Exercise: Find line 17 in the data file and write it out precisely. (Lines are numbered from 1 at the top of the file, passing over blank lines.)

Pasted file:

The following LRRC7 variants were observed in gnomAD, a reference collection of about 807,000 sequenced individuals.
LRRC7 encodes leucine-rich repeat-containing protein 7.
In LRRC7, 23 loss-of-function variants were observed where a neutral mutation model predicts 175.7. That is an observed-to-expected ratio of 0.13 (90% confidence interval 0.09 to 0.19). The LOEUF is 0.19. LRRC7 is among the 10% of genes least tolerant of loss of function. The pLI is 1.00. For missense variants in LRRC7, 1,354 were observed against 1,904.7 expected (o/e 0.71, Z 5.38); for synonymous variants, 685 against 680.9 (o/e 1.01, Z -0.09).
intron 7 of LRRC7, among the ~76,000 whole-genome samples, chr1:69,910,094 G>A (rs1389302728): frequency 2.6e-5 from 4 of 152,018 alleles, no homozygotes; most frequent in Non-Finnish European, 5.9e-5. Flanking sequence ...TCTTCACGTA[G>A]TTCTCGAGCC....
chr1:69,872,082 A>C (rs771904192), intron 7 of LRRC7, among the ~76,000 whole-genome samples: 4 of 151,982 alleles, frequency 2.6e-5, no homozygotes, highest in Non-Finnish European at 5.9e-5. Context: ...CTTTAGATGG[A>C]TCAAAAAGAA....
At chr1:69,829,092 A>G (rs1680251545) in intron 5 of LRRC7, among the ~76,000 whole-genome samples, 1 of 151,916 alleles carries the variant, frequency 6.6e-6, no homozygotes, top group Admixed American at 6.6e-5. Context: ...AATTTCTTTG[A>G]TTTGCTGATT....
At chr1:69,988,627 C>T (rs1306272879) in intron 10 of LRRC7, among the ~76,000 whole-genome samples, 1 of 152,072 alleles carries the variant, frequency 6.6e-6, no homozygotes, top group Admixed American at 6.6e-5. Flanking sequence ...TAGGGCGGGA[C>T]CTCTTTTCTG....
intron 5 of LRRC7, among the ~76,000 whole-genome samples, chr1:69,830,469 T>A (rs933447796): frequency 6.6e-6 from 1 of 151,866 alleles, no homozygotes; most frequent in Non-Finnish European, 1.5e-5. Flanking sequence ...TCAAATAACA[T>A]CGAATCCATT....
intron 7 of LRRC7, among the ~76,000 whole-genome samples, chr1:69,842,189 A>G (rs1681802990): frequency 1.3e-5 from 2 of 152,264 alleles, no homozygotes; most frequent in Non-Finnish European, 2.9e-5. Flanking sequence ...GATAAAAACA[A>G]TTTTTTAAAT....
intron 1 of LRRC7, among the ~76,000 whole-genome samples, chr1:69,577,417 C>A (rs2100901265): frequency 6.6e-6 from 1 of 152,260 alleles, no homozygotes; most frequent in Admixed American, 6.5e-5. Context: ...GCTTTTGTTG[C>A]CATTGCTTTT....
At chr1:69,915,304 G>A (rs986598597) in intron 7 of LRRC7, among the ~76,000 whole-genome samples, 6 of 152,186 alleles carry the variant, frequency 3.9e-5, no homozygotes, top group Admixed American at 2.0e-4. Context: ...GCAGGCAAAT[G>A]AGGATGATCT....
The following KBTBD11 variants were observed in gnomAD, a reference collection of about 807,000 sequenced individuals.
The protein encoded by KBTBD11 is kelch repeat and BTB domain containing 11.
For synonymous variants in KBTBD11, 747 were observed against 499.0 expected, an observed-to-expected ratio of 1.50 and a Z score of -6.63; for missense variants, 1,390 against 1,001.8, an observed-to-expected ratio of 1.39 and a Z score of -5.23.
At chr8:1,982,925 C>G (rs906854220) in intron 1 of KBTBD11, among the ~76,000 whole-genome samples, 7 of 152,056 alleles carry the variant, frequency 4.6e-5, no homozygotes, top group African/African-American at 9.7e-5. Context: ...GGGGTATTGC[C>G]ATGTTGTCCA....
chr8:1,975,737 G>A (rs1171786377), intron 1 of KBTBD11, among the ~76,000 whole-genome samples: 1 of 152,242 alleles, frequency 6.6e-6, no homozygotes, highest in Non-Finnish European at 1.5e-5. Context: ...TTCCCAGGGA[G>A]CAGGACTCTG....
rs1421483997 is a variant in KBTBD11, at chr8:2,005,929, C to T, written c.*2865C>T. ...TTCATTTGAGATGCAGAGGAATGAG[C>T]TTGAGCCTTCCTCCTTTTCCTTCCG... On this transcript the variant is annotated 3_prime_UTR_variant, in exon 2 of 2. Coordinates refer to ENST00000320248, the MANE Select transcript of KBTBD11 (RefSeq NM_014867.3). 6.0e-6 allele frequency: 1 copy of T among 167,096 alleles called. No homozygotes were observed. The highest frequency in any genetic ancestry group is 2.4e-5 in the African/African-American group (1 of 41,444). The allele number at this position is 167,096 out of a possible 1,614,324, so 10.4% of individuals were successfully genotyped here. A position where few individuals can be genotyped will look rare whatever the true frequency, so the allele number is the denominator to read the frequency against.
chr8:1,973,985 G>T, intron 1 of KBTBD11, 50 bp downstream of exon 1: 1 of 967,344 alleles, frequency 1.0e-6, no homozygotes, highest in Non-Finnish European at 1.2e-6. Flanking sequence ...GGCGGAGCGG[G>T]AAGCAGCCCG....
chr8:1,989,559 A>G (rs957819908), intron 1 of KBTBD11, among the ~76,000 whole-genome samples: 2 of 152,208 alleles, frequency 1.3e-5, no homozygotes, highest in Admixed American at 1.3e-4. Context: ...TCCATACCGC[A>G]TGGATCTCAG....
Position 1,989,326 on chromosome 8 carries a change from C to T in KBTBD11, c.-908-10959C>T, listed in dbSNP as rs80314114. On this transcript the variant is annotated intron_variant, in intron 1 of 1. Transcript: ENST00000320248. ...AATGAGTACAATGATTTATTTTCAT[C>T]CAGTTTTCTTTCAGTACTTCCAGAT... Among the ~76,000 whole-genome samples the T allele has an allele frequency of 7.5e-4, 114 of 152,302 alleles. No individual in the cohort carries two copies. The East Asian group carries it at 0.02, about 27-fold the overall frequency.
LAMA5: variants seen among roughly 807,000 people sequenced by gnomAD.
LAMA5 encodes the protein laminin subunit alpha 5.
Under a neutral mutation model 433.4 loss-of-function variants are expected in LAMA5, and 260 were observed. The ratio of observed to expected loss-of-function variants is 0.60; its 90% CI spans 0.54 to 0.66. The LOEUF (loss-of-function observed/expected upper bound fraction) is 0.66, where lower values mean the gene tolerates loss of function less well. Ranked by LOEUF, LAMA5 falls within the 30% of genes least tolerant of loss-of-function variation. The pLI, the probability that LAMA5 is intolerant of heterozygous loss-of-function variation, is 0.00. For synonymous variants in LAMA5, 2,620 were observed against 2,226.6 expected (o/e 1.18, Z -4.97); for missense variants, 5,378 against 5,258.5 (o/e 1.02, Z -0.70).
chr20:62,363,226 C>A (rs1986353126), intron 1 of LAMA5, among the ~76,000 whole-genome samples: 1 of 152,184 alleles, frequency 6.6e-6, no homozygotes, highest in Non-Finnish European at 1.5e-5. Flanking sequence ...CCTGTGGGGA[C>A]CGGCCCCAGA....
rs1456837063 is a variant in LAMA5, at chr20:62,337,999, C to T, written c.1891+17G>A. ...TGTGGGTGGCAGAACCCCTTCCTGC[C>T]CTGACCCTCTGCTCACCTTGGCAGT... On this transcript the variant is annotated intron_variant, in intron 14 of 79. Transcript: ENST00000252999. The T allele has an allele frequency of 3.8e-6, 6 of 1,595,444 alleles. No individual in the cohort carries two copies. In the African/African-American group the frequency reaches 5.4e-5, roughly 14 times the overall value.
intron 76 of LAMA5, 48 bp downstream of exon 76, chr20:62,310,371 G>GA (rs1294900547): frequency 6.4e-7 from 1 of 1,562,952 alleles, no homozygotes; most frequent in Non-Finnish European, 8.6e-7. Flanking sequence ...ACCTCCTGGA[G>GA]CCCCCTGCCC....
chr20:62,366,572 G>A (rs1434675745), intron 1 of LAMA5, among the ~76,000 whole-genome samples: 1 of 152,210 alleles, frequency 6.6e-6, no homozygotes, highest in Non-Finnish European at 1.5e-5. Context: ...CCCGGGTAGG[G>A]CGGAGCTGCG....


rs1421483997 is a variant in KBTBD11, at chr8:2,005,929, C to T, written c.*2865C>T. ...TTCATTTGAGATGCAGAGGAATGAG[C>T]TTGAGCCTTCCTCCTTTTCCTTCCG... On this transcript the variant is annotated 3_prime_UTR_variant, in exon 2 of 2. Coordinates refer to ENST00000320248, the MANE Select transcript of KBTBD11 (RefSeq NM_014867.3). 6.0e-6 allele frequency: 1 copy of T among 167,096 alleles called. No homozygotes were observed. The highest frequency in any genetic ancestry group is 2.4e-5 in the African/African-American group (1 of 41,444). The allele number at this position is 167,096 out of a possible 1,614,324, so 10.4% of individuals were successfully genotyped here. A position where few individuals can be genotyped will look rare whatever the true frequency, so the allele number is the denominator to read the frequency against.